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Connecticut Passes Legislation to Crack Down on Puppy Mills

Lawmakers applauded for steps to increase adoptions of homeless animals

A bill to help crack down on puppy mills and the sale of puppies from commercial breeders in pet stores unanimously passed both the State Senate and House of Representatives. SB 445, championed by Fairfield Rep. Brenda Kupchick, R-132, will now go to Gov. Dannel Malloy for his signature. Annie Hornish, the Connecticut state director for The Humane Society of the United States, issued the following statement:

“This legislation is a step in the right direction and will help crack down on the worst of the offenders, namely those breeders caught with severe violations of welfare standards. It will also increase fines for the many pet stores in the state that routinely deal with unlicensed breeders to circumvent scrutiny.”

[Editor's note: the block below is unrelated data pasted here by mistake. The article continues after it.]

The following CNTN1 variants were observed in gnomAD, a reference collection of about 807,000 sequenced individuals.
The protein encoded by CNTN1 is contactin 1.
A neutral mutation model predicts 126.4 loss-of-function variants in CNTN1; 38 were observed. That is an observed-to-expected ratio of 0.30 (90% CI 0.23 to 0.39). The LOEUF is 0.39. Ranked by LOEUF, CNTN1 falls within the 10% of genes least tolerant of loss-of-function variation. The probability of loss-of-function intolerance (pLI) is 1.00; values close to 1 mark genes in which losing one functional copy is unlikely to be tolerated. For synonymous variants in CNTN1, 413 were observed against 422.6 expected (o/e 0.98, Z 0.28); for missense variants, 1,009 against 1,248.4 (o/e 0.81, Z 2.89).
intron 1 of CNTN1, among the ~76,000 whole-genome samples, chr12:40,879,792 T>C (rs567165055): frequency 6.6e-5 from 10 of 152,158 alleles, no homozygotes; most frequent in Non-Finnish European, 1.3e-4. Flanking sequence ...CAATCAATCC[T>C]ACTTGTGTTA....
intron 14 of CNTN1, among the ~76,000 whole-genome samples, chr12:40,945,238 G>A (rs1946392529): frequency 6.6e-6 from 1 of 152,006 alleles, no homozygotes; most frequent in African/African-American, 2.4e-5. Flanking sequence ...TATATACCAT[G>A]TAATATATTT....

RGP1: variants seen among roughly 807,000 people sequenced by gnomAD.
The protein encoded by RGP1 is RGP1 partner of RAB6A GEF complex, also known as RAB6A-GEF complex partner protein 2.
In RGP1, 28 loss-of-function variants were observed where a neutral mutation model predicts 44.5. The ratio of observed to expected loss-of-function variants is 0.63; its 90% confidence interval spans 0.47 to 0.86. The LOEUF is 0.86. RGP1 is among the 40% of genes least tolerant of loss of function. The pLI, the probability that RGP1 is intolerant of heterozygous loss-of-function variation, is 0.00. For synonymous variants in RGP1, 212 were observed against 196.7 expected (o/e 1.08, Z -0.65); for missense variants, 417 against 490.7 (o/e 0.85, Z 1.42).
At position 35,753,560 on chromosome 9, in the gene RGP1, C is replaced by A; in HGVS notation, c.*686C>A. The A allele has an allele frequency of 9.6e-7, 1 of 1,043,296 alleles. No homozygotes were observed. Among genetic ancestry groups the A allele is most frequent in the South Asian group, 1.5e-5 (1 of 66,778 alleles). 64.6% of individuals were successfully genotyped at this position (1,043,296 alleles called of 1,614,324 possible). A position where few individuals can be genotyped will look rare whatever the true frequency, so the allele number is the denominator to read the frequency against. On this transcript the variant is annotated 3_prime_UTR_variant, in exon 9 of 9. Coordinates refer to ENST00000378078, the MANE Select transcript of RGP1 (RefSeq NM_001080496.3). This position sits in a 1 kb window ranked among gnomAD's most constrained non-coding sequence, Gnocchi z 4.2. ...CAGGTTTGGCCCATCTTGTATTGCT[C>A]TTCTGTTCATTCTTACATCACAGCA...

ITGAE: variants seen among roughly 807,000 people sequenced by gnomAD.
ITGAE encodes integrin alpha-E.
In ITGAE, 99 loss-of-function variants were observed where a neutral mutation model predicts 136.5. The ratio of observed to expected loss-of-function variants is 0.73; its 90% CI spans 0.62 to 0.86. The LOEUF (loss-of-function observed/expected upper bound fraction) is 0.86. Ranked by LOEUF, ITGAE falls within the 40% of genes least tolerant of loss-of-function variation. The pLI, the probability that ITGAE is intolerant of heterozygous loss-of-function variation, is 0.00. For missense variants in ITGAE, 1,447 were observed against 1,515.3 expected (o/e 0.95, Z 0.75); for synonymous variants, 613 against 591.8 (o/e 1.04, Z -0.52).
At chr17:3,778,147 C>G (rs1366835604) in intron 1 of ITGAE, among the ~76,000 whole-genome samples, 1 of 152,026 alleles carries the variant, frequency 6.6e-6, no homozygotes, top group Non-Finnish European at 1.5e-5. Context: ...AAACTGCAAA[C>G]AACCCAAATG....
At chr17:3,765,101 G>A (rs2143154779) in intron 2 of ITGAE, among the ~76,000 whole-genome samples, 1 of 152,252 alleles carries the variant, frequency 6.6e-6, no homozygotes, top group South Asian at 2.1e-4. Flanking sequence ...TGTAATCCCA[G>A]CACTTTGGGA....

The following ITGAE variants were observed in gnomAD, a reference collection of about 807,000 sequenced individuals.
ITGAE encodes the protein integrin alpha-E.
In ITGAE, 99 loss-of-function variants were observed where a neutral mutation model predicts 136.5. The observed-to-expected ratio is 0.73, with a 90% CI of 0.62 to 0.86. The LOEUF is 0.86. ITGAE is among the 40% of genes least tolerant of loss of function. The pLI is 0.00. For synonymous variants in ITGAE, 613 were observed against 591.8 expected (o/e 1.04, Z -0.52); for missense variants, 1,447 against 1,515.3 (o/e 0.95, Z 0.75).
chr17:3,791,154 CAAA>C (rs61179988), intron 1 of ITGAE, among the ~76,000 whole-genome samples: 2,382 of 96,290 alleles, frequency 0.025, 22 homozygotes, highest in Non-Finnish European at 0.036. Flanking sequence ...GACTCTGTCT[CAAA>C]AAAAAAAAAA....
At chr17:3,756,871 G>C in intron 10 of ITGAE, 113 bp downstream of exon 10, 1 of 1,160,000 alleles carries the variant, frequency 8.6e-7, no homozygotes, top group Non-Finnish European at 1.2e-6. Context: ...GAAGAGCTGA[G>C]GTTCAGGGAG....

• SB 445 requires pet shop operators to acquire puppies only from breeders who are licensed and inspected by the USDA and who have not been found to have violated certain provisions of the federal Animal Welfare Act within two years.
  • The bill also improves restitution measures for pet store customers who unwittingly purchase a dog or cat later deemed to have been sick at the time of purchase.
  • Under SB 445, the Commissioner of Agriculture is required to establish standards of care for Connecticut-based commercial dog and cat breeders.

Media Contact: Cheylin Parker, 301-258-1505, cparker@humanesociety.org